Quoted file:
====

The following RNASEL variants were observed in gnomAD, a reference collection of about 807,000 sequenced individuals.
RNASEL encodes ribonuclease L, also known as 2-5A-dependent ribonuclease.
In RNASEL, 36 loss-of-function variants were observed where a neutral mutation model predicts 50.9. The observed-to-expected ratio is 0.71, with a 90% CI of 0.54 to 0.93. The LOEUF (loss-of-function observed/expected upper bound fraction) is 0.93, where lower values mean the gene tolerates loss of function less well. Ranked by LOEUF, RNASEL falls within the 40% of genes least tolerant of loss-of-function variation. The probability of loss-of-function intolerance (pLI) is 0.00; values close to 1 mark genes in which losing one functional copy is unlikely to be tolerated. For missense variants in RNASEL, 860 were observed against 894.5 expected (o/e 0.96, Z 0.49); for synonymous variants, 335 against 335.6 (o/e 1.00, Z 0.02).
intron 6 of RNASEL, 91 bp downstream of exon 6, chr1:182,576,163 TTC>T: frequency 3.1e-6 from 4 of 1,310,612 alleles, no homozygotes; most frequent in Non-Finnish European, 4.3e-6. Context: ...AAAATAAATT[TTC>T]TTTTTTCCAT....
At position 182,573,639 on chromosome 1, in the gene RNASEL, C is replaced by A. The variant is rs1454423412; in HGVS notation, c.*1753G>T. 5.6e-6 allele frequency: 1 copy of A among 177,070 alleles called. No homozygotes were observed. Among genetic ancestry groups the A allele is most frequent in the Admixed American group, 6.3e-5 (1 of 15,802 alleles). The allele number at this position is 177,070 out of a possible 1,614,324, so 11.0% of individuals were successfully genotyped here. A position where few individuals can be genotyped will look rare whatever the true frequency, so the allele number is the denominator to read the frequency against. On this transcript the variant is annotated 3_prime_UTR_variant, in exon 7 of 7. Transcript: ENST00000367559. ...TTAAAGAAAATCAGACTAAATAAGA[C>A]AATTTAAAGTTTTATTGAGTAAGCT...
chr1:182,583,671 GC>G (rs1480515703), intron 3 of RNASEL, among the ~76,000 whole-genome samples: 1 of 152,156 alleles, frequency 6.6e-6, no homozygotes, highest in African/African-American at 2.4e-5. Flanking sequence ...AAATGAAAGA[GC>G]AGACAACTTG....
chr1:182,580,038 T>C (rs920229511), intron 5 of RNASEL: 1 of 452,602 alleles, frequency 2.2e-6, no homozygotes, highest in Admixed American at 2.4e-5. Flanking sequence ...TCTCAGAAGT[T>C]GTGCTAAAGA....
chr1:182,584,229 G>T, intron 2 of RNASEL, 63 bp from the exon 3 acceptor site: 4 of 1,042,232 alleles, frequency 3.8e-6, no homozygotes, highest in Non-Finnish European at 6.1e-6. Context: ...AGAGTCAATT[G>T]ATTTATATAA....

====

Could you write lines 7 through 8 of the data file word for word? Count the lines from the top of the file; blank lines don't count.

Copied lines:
chr1:182,580,038 T>C (rs920229511), intron 5 of RNASEL: 1 of 452,602 alleles, frequency 2.2e-6, no homozygotes, highest in Admixed American at 2.4e-5. Flanking sequence ...TCTCAGAAGT[T>C]GTGCTAAAGA....
chr1:182,584,229 G>T, intron 2 of RNASEL, 63 bp from the exon 3 acceptor site: 4 of 1,042,232 alleles, frequency 3.8e-6, no homozygotes, highest in Non-Finnish European at 6.1e-6. Context: ...AGAGTCAATT[G>T]ATTTATATAA....